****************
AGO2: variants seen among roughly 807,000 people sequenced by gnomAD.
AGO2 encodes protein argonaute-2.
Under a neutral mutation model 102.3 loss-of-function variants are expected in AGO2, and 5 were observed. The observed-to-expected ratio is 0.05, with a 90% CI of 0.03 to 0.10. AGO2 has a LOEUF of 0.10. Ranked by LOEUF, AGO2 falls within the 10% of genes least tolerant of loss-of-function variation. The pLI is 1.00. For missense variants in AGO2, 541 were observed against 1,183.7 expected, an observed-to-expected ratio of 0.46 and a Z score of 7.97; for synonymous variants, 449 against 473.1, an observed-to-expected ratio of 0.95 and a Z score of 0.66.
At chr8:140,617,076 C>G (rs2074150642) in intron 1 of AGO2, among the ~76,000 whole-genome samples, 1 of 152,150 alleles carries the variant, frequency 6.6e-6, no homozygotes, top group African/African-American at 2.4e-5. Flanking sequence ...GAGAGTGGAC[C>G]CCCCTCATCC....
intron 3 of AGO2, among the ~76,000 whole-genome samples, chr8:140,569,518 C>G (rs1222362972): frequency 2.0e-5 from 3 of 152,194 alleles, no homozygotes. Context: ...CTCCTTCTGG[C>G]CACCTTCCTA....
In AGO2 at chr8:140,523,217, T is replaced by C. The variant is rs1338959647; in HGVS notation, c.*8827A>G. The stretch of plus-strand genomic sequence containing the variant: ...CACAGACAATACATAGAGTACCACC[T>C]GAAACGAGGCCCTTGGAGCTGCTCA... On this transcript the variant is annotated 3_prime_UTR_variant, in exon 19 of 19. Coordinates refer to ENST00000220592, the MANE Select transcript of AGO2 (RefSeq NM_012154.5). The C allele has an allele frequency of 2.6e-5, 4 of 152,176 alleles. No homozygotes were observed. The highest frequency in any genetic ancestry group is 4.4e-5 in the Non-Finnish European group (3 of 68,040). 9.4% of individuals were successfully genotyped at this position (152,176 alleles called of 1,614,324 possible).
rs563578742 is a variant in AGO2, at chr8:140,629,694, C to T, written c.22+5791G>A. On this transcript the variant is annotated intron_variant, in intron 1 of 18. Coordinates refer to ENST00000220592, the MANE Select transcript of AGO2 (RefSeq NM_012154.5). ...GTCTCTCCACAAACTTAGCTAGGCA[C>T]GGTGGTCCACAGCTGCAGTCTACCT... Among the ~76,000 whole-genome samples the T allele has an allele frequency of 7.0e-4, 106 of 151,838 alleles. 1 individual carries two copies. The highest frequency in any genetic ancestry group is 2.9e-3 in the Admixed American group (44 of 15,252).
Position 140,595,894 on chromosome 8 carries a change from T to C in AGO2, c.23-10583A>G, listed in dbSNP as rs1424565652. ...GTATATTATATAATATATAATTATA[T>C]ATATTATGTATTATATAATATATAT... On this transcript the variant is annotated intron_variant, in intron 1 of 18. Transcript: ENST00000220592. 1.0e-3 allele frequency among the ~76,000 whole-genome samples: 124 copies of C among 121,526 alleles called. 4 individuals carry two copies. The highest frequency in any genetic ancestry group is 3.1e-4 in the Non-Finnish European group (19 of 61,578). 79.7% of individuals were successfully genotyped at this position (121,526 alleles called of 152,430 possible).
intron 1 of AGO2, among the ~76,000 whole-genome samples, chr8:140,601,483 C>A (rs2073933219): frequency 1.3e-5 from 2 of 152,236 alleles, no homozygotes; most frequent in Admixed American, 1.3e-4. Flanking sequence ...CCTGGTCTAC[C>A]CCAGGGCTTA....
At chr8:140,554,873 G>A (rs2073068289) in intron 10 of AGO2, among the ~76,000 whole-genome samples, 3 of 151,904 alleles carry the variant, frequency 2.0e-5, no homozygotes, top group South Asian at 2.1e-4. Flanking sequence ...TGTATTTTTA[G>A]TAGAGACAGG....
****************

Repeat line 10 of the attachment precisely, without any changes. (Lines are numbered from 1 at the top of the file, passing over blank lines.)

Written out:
At chr8:140,554,873 G>A (rs2073068289) in intron 10 of AGO2, among the ~76,000 whole-genome samples, 3 of 151,904 alleles carry the variant, frequency 2.0e-5, no homozygotes, top group South Asian at 2.1e-4. Flanking sequence ...TGTATTTTTA[G>A]TAGAGACAGG....